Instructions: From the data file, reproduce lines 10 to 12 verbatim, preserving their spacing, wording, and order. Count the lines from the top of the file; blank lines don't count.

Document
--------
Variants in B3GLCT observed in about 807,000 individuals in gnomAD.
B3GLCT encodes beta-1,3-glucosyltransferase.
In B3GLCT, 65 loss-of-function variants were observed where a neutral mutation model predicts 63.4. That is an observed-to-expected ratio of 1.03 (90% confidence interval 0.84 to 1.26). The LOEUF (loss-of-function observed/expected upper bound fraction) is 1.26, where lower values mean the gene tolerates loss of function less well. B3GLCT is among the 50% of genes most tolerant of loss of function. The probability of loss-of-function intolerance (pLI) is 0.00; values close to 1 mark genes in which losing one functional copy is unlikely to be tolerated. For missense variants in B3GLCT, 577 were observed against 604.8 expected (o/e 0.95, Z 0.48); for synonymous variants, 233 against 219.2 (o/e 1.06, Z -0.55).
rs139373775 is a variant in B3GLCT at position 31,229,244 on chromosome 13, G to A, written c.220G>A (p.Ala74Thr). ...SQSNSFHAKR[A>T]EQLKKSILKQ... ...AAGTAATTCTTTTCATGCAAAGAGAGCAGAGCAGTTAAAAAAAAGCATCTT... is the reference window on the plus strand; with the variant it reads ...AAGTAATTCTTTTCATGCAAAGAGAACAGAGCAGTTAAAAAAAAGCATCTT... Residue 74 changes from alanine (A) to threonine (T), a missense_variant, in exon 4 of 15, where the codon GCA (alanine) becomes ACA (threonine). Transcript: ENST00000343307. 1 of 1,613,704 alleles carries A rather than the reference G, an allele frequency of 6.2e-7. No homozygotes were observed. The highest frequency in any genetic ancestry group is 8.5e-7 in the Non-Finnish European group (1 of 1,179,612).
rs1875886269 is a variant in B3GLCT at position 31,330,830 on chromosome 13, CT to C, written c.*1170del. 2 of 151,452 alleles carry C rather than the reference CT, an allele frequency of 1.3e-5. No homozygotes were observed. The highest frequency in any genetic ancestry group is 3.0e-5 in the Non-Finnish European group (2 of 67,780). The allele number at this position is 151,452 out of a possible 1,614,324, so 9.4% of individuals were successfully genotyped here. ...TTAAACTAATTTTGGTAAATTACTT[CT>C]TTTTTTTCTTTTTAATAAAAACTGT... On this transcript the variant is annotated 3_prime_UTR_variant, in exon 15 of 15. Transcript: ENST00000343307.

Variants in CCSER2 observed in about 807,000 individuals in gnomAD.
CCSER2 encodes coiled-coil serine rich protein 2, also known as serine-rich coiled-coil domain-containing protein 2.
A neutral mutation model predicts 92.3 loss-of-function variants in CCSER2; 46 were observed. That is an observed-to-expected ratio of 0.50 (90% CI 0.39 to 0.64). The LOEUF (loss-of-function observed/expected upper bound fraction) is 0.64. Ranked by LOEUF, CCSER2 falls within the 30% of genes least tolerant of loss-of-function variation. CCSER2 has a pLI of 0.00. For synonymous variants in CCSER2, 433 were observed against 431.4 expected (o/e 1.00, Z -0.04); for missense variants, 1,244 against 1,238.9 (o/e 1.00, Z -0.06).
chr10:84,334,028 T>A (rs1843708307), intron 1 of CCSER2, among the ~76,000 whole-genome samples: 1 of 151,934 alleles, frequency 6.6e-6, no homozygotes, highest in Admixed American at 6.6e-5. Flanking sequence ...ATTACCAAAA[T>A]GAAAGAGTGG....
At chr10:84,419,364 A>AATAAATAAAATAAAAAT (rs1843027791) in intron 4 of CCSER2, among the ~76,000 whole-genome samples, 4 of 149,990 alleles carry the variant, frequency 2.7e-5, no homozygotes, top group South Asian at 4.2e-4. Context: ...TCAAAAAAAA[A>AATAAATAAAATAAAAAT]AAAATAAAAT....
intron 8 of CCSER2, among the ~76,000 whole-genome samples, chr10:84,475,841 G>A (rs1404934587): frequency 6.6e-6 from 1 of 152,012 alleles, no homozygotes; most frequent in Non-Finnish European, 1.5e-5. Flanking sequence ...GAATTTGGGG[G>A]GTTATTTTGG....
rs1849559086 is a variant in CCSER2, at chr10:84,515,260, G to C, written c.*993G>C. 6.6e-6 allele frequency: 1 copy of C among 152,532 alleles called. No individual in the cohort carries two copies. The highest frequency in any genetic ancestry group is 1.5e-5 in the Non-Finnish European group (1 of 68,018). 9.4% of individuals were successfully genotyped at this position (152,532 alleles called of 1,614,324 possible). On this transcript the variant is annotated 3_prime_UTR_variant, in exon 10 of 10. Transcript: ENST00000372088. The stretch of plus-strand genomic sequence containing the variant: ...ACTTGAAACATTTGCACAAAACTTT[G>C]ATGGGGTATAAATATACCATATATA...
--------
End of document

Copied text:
At chr10:84,419,364 A>AATAAATAAAATAAAAAT (rs1843027791) in intron 4 of CCSER2, among the ~76,000 whole-genome samples, 4 of 149,990 alleles carry the variant, frequency 2.7e-5, no homozygotes, top group South Asian at 4.2e-4. Context: ...TCAAAAAAAA[A>AATAAATAAAATAAAAAT]AAAATAAAAT....
intron 8 of CCSER2, among the ~76,000 whole-genome samples, chr10:84,475,841 G>A (rs1404934587): frequency 6.6e-6 from 1 of 152,012 alleles, no homozygotes; most frequent in Non-Finnish European, 1.5e-5. Flanking sequence ...GAATTTGGGG[G>A]GTTATTTTGG....
rs1849559086 is a variant in CCSER2, at chr10:84,515,260, G to C, written c.*993G>C. 6.6e-6 allele frequency: 1 copy of C among 152,532 alleles called. No individual in the cohort carries two copies. The highest frequency in any genetic ancestry group is 1.5e-5 in the Non-Finnish European group (1 of 68,018). 9.4% of individuals were successfully genotyped at this position (152,532 alleles called of 1,614,324 possible). On this transcript the variant is annotated 3_prime_UTR_variant, in exon 10 of 10. Transcript: ENST00000372088. The stretch of plus-strand genomic sequence containing the variant: ...ACTTGAAACATTTGCACAAAACTTT[G>C]ATGGGGTATAAATATACCATATATA...